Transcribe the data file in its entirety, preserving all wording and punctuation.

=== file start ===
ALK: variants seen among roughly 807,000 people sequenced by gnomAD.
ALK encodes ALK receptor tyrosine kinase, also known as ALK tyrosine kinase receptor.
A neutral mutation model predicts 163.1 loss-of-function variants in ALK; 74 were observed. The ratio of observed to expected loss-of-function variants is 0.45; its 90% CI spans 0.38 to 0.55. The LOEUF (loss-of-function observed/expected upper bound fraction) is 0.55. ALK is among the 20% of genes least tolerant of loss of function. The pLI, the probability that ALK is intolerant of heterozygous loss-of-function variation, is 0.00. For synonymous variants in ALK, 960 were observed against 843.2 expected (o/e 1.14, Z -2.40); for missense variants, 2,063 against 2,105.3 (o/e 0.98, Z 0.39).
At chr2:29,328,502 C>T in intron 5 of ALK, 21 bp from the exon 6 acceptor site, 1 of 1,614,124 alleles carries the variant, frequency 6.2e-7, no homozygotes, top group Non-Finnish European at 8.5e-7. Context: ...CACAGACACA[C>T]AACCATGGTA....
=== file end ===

ALK: variants seen among roughly 807,000 people sequenced by gnomAD.
ALK encodes ALK receptor tyrosine kinase, also known as ALK tyrosine kinase receptor.
A neutral mutation model predicts 163.1 loss-of-function variants in ALK; 74 were observed. The ratio of observed to expected loss-of-function variants is 0.45; its 90% CI spans 0.38 to 0.55. The LOEUF (loss-of-function observed/expected upper bound fraction) is 0.55. ALK is among the 20% of genes least tolerant of loss of function. The pLI, the probability that ALK is intolerant of heterozygous loss-of-function variation, is 0.00. For synonymous variants in ALK, 960 were observed against 843.2 expected (o/e 1.14, Z -2.40); for missense variants, 2,063 against 2,105.3 (o/e 0.98, Z 0.39).
At chr2:29,328,502 C>T in intron 5 of ALK, 21 bp from the exon 6 acceptor site, 1 of 1,614,124 alleles carries the variant, frequency 6.2e-7, no homozygotes, top group Non-Finnish European at 8.5e-7. Context: ...CACAGACACA[C>T]AACCATGGTA....